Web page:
Archive for the ‘RPG/War Gaming’ Category

Isil and the Goblins

Posted: January 1, 2015 in RPG/War Gaming

Last night I ran my two oldest children in a Basic Fantasy Role-Playing Game adventure as we awaited the new year. It was … entertaining. Below is an account written to describe one of the encounters during the adventure.

Isil and the Goblins

There’s probably no figure of the southlands more interestingly infamous than Isil the Elf Maid. She was an escaped elven slave who managed to make her way to the southern frontier and plied her trade as a liberator of other people’s property. At some point she decided to become an adventurer. Some venerate her as a hero. Other’s merely consider her simply the luckiest crazy elf to swing a blade (or pick a lock) in the southern frontier. A classic example is the story of her first encounter with goblins during her first exploration.

To set that stage, she and two companions found a ruined fortress and discovered a stairway leading down into the underground portion of the ancient ruin. Their first encounter, which I shall gloss over, was with a group of Stirges. For those unfamiliar, the Stirge is a large, leathery birdlike creature with a long proboscis. They attack their pray much like mosquitos, by latching onto the victim and sucking the blood from them. In short, the small party was victorious. However, rather than destroying the Stirge nests, Isil took two Stirge chicks with a view to raising them and seeing if they could be trained. That alone should give you some insight into the personality and character of Isil the elf.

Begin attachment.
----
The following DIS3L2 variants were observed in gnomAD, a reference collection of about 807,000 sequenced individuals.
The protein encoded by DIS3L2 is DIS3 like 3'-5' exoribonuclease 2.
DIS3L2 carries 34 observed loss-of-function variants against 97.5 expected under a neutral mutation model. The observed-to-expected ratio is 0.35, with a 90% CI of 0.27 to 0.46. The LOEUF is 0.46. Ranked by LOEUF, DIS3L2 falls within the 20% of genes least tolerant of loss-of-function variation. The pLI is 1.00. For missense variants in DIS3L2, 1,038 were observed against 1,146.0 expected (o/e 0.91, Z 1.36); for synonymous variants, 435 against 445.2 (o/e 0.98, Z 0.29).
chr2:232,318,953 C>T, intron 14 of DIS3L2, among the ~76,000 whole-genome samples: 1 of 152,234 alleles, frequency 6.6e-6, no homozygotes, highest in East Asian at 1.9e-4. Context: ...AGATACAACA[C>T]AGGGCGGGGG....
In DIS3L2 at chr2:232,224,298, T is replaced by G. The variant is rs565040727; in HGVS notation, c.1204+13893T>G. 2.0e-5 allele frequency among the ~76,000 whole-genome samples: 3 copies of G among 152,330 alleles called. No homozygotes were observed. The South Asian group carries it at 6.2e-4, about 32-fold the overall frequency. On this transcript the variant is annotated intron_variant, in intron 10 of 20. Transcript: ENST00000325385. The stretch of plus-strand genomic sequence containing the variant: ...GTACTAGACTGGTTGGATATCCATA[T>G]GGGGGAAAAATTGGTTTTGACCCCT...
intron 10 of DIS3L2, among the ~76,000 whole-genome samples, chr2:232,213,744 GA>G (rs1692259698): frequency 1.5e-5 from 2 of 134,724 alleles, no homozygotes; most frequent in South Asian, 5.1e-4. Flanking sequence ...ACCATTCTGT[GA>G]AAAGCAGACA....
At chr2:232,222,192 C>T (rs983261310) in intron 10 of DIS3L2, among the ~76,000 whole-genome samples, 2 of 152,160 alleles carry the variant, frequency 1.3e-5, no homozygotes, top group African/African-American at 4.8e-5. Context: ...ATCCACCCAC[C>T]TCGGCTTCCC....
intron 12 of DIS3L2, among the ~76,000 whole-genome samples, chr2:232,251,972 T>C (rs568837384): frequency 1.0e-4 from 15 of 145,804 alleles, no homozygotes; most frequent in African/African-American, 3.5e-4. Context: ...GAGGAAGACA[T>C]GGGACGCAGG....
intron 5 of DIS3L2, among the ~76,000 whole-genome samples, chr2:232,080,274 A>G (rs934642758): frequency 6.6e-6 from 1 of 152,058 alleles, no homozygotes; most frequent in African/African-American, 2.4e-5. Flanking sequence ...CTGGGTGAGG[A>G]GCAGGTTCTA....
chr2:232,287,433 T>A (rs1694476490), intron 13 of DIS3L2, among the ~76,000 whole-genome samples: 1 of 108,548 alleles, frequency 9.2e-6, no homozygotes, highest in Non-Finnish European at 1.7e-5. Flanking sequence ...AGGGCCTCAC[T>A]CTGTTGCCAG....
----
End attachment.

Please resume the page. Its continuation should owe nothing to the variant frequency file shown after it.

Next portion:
A bit later in the exploration of the dungeon the group of intrepid adventurers found themselves in a long corridor. Isis the elf maiden decided to set off down the corridor at full speed, leaving her two companions behind. It’s interesting to note that the two other members of her party didn’t attempt to stop her. The human warrior looked at his remaining companion and said, “You know, I’m not sure she’s all there.” The elven fighter/mage simply shrugged and the two continued down the hall at a normal rate of travel.

Meanwhile Isil had rounded a corner and seeing a door before her and launched herself at it what would have been an amazing leaping kick had she not rebounded off the door and landed flat on the ground. The two other members of her party rounded the corner in time to see her picking herself up off the ground. Without even a sheepish grin Isil walked up to the door and tried the latch. Finding it opened easily she flung the door aside and leapt into the room. This is where she was confronted by four goblins.